Despite the stakes for the participants, the CPL was still a long way from becoming a passable spectator sport, let alone a compelling one. These early tournaments were held in the backrooms of dimly lit hotels, featuring only the most barebones of production values. With no screens set up for audience members and only each teams’ family and friends in attendance, watching Counter-Strike in the early days felt more like attending your nephew’s judo tournament than witnessing a proper sporting event.
“Before Twitch came around, the whole scene was kind of similar to the movie Fight Club,” says Blicharz, “If you know about it, then you’re completely hardcore. If you meet somebody and talk about it, you have that understanding that you’re both in the same super-secret club. …if not, you’re completely oblivious, you have no idea that [Counter-Strike] even exists.”
Growing from a product to a platform
While most video games launch only to be forgotten a few years later, somehow, Valve’s hardcore shooter was transcending the medium’s normal lifecycle and slowly becoming a platform of its own. Not only was it still entertaining millions of players — it was creating jobs for (some of) them, too. There was only one problem, beaming these increasingly elaborate tournaments to fans. With TV channels refusing to recognise esports and Twitch’s inception still awhile away, ESL had to get creative with how it showed its tournaments.
“Before Twitch, back in the CPL days, trying to follow esports tournaments [was difficult.],” remembers Attisani, “esports content wasn’t really accessible and wasn’t really in range to be consumed by large numbers of people. It was purely something for hardcore fans.”
So how did these hardcore CS players get access to these tournaments in the early 2000s? Well, the same way noughties kids got their hands on anything….
“Back then, we had a peer-to-peer, file-sharing platform called Octoshape,” explains Blicharz, “ You would go on the website and you had a [media] player … you connected into a stream, you took some traffic from us natively, but you also spread some of the traffic back to other people. In this way, it became a little bit more efficient for us ….We didn’t have to pay for 100% of the bandwidth that eventually got used.”
While this sounds pretty excruciating in a post-streaming world, that didn’t stop thousands of teenagers from logging out of Myspace, ‘borrowing’ some tunes from Limeware and finding their way into the livestream. But now that the audience and the playerbase was there, there was only one question on tournament organisers lips: how do you turn these CS events into a spectacle?
“Around 2003, the first big event popped up. And when I say big I don’t mean in terms of prize money, but in production value,” says Blicharz, “The ESWC in France was held in an auditorium for probably 800 people with a big cinema-type screen experience, watching with live commentary and live excitement and sound-proof headsets. It was a small version of the type of esports experience that we know today.”
Building a bonafide sport
Around that time, CS tournaments got their first sponsors. With computer manufacturer Intel putting their name behind the CPL, these once slightly embarrassing events began to look increasingly legitimate. And what comes with legitimacy? Hungry companies that are all too ready to cash in.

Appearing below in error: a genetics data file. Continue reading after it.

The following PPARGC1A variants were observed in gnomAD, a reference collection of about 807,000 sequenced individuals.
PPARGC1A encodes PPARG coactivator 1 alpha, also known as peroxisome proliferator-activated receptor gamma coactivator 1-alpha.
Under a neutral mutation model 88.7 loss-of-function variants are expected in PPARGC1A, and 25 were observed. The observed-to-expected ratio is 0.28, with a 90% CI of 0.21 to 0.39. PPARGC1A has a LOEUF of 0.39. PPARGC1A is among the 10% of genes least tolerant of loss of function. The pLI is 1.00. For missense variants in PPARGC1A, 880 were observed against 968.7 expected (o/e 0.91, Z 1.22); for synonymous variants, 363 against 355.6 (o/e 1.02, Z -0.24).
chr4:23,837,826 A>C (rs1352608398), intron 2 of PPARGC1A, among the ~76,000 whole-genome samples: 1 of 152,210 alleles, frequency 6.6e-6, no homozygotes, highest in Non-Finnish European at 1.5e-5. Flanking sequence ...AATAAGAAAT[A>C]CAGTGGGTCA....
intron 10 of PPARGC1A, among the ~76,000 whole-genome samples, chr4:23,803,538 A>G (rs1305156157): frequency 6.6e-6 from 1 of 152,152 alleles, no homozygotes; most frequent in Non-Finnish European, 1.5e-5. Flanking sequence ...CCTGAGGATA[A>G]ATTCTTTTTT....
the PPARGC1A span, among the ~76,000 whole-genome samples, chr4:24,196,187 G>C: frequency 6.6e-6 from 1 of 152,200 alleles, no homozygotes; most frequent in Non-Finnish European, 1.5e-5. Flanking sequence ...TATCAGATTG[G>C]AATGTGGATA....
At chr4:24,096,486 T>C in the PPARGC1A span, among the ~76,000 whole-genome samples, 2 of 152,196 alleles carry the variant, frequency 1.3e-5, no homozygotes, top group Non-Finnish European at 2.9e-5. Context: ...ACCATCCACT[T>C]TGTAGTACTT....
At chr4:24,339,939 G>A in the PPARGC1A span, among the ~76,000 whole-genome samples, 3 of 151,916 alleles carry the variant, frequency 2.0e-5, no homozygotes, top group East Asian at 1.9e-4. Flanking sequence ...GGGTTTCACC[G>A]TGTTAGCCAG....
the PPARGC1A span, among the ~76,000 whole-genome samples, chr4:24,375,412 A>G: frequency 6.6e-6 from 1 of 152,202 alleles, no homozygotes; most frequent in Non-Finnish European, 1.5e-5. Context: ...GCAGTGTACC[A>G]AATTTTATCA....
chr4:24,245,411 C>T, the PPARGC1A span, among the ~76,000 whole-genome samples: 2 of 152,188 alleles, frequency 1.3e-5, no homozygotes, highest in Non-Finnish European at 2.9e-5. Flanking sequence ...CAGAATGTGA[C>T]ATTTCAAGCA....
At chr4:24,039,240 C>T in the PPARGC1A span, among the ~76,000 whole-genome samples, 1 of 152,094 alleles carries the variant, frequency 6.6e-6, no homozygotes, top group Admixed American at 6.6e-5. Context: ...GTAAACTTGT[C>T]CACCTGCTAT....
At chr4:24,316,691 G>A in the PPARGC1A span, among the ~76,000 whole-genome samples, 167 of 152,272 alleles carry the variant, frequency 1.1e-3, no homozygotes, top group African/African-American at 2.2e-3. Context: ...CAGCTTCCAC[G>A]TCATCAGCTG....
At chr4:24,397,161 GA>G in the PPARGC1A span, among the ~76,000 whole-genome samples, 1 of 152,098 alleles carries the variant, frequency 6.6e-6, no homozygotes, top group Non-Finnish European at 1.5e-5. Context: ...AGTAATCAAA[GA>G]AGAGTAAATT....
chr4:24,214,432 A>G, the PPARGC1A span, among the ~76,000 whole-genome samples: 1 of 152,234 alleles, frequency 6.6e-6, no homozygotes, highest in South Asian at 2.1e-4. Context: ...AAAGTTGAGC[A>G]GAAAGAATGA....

Thanks to a massive funding injection (and tournament organisers taking a healthy amount of inspiration from traditional sporting events) watching the pros play Counter-Strike was starting to become genuinely entertaining. But as much as flashy looking stages and slick editing helped, it was the under the hood software tweaks that really transformed CS into the stadium-filler it is today.
“I think first and foremost, the overall sophistication of the spectator experience — and the tools that Valve made available to organisers in terms of spectating the game — are fantastic and quite rare in the esports ecosystem,” explains Attisani, “There’re very few games that have a comparable level of sophisticated spectator options… In CS you can really use the in-game tools to build a great show and great narrative with it.”
“If you’re watching CS right now, it’s very natural for you that you have your health bars on the bottom left and bottom right, and when somebody dies, that health bar shrinks to zero. That didn’t used to be a natural feature of Counter-Strike,” adds Blicharz. “In the first Intel Extreme Masters events we had to add it — it was just a Flash add-on thrown on top of the game.”
It may sound fairly unimportant, but these increasingly clever tweaks to the HUD really made a huge difference in helping viewers follow the action. Whether you were a hardcore fan or just Counter-curious, these ‘little’ changes helped transform a game of Counter-Strike from a vaguely confusing affair to an exciting, spectator-friendly event. Now, making sure that the on-screen action is as readable as possible has become big business, with tournament organisers employing a whole team of in-game, virtual camera operators.
“We now have observers who are basically experts in providing the right replay from the angle that wasn’t caught live,” explains Blicharz with a smile. “Back when I started at Intel Extreme Masters, the standard was that the commentator himself would click through and rotate all the views of the players and select who they would watch. Now it’s done by an entire team of observers…
“There are scripts, camera scripts that fly around the map, scripted by people at our broadcast innovation unit, that essentially provide very, very smooth third-person perspective pans, pre-scripted camera angles, improvements to the games, HUD hubs, etc,” he continues, “There’s a huge layer that the tournament organisers and broadcasters of Counter-Strike have added to CS:GO today to make the experience as good as it is today.”